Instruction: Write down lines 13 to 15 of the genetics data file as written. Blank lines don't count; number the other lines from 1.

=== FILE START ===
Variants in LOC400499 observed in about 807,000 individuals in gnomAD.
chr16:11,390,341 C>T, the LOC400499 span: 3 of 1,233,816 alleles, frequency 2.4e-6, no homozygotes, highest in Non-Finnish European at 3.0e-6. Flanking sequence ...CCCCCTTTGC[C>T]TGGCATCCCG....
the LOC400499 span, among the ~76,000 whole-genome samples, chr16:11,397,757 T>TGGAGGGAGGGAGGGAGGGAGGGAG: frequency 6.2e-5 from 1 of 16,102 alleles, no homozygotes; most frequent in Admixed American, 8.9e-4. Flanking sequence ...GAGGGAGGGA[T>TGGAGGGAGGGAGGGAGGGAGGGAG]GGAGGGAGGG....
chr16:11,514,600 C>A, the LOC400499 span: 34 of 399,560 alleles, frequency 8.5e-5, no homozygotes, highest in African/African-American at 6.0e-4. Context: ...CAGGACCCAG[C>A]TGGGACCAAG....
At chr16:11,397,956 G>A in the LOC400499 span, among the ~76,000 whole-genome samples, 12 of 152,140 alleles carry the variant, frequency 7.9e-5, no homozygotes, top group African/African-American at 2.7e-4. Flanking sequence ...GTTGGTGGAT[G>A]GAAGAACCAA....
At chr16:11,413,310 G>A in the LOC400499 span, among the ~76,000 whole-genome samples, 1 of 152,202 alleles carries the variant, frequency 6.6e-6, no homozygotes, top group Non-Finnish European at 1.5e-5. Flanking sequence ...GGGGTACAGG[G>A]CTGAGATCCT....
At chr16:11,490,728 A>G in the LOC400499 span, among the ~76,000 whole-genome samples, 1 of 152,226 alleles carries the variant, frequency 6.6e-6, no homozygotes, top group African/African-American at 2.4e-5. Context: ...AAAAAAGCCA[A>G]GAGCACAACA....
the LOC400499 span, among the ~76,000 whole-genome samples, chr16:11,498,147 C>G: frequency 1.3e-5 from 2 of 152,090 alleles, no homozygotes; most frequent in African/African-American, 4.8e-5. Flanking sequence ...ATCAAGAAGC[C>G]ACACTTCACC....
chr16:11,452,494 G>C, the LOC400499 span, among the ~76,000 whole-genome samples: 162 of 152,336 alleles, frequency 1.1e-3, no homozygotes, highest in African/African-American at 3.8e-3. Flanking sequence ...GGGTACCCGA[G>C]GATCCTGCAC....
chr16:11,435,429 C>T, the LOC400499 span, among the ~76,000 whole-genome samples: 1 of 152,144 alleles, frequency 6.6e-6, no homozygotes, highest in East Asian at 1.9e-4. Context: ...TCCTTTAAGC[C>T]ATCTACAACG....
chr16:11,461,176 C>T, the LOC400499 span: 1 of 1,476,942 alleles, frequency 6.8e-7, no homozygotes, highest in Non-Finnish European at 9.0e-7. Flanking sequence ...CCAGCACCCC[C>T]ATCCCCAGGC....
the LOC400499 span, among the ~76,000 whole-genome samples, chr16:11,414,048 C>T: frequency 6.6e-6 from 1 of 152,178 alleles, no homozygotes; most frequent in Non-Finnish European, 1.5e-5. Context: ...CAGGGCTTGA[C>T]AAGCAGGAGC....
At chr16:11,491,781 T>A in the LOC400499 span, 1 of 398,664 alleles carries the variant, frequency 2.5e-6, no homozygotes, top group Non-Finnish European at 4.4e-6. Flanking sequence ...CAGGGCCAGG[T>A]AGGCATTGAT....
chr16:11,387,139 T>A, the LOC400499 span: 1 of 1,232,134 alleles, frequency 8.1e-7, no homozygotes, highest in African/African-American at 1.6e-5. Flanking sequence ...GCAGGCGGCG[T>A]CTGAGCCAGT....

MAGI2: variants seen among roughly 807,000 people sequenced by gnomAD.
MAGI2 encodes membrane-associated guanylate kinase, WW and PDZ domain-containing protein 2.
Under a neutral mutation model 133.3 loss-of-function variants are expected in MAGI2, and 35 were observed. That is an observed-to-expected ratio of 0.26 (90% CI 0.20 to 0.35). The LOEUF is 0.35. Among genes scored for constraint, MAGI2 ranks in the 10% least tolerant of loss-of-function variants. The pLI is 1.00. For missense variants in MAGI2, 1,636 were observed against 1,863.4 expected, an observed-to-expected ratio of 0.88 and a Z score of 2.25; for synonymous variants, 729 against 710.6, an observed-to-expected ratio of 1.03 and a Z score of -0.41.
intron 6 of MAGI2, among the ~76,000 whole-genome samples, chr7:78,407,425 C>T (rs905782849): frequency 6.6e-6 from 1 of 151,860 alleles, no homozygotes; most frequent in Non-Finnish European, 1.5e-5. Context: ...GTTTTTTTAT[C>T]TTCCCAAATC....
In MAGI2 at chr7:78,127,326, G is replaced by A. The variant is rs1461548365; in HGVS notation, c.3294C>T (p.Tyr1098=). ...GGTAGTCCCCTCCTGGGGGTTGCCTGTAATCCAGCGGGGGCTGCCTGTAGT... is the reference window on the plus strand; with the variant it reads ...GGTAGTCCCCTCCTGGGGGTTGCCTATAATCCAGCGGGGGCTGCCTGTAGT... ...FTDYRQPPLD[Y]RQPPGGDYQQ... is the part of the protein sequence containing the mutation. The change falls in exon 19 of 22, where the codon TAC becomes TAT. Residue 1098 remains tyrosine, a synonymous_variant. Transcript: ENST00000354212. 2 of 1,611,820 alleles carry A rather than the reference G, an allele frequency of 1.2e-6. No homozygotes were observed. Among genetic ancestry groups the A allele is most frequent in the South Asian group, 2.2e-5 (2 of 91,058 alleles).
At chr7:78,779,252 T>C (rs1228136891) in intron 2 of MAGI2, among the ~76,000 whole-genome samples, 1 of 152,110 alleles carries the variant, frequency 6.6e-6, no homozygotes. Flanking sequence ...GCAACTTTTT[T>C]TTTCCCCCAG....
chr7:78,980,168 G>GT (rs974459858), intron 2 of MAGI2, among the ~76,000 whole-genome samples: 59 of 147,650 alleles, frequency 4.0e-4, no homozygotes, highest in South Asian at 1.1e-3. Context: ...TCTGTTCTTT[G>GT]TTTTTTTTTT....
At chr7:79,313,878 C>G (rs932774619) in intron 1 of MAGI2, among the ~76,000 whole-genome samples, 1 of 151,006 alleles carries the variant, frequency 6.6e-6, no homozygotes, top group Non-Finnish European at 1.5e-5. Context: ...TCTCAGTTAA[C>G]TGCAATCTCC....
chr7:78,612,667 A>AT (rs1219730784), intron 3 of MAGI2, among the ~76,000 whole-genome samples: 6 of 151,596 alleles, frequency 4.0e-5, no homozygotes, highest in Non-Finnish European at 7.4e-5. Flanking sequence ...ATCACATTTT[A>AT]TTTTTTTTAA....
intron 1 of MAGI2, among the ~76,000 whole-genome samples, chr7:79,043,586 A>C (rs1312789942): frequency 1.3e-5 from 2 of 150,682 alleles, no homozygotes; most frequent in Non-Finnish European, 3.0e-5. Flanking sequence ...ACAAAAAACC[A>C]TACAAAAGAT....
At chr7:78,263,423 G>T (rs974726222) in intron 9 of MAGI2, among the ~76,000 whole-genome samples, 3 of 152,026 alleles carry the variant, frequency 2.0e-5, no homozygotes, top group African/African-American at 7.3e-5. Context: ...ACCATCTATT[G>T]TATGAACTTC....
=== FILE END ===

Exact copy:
At chr16:11,491,781 T>A in the LOC400499 span, 1 of 398,664 alleles carries the variant, frequency 2.5e-6, no homozygotes, top group Non-Finnish European at 4.4e-6. Flanking sequence ...CAGGGCCAGG[T>A]AGGCATTGAT....
chr16:11,387,139 T>A, the LOC400499 span: 1 of 1,232,134 alleles, frequency 8.1e-7, no homozygotes, highest in African/African-American at 1.6e-5. Flanking sequence ...GCAGGCGGCG[T>A]CTGAGCCAGT....

MAGI2: variants seen among roughly 807,000 people sequenced by gnomAD.